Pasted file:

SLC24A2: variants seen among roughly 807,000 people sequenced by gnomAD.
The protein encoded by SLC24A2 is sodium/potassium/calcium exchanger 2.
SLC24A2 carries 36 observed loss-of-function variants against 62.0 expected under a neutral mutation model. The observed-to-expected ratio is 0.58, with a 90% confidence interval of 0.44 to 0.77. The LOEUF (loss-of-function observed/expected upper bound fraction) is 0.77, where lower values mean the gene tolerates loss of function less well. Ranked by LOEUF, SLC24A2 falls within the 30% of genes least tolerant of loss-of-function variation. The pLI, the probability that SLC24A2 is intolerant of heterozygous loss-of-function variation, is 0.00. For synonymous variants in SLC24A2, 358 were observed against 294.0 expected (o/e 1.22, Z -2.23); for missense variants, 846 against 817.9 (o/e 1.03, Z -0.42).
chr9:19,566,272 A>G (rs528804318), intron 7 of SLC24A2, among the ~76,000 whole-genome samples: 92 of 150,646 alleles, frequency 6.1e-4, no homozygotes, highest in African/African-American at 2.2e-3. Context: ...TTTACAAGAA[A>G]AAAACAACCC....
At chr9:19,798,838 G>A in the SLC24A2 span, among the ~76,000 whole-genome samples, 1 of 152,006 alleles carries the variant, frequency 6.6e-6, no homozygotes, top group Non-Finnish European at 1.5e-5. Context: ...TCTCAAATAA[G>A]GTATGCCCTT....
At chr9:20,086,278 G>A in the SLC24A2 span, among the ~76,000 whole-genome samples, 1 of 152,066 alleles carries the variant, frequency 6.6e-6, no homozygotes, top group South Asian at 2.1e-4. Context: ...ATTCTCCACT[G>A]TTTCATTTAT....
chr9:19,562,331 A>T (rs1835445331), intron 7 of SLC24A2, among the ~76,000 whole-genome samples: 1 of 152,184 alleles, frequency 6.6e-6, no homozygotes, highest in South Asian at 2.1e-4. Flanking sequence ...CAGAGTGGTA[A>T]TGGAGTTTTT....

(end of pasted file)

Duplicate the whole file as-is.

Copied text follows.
SLC24A2: variants seen among roughly 807,000 people sequenced by gnomAD.
The protein encoded by SLC24A2 is sodium/potassium/calcium exchanger 2.
SLC24A2 carries 36 observed loss-of-function variants against 62.0 expected under a neutral mutation model. The observed-to-expected ratio is 0.58, with a 90% confidence interval of 0.44 to 0.77. The LOEUF (loss-of-function observed/expected upper bound fraction) is 0.77, where lower values mean the gene tolerates loss of function less well. Ranked by LOEUF, SLC24A2 falls within the 30% of genes least tolerant of loss-of-function variation. The pLI, the probability that SLC24A2 is intolerant of heterozygous loss-of-function variation, is 0.00. For synonymous variants in SLC24A2, 358 were observed against 294.0 expected (o/e 1.22, Z -2.23); for missense variants, 846 against 817.9 (o/e 1.03, Z -0.42).
chr9:19,566,272 A>G (rs528804318), intron 7 of SLC24A2, among the ~76,000 whole-genome samples: 92 of 150,646 alleles, frequency 6.1e-4, no homozygotes, highest in African/African-American at 2.2e-3. Context: ...TTTACAAGAA[A>G]AAAACAACCC....
At chr9:19,798,838 G>A in the SLC24A2 span, among the ~76,000 whole-genome samples, 1 of 152,006 alleles carries the variant, frequency 6.6e-6, no homozygotes, top group Non-Finnish European at 1.5e-5. Context: ...TCTCAAATAA[G>A]GTATGCCCTT....
At chr9:20,086,278 G>A in the SLC24A2 span, among the ~76,000 whole-genome samples, 1 of 152,066 alleles carries the variant, frequency 6.6e-6, no homozygotes, top group South Asian at 2.1e-4. Context: ...ATTCTCCACT[G>A]TTTCATTTAT....
chr9:19,562,331 A>T (rs1835445331), intron 7 of SLC24A2, among the ~76,000 whole-genome samples: 1 of 152,184 alleles, frequency 6.6e-6, no homozygotes, highest in South Asian at 2.1e-4. Flanking sequence ...CAGAGTGGTA[A>T]TGGAGTTTTT....